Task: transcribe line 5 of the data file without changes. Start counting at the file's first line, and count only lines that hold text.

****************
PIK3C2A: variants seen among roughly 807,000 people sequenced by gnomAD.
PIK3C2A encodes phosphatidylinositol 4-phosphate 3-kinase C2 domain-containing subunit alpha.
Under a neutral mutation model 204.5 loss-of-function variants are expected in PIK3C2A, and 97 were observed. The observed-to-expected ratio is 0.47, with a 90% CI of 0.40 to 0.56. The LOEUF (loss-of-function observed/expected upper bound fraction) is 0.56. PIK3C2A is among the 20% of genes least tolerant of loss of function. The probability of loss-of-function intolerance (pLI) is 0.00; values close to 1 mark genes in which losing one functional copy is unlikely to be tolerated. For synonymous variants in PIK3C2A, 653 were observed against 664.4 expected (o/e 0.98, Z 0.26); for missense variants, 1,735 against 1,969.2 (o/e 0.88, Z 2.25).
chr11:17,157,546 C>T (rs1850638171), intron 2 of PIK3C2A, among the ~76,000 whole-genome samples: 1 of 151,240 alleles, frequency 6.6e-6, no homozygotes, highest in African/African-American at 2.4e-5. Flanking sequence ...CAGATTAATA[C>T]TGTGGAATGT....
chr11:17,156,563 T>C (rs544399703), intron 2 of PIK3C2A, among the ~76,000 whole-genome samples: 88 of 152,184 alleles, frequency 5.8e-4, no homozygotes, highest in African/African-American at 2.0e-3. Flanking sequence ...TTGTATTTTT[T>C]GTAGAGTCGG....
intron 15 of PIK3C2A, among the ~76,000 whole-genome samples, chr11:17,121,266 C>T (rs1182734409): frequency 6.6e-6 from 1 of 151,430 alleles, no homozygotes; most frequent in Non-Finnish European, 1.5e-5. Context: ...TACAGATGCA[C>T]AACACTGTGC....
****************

chr11:17,156,563 T>C (rs544399703), intron 2 of PIK3C2A, among the ~76,000 whole-genome samples: 88 of 152,184 alleles, frequency 5.8e-4, no homozygotes, highest in African/African-American at 2.0e-3. Flanking sequence ...TTGTATTTTT[T>C]GTAGAGTCGG....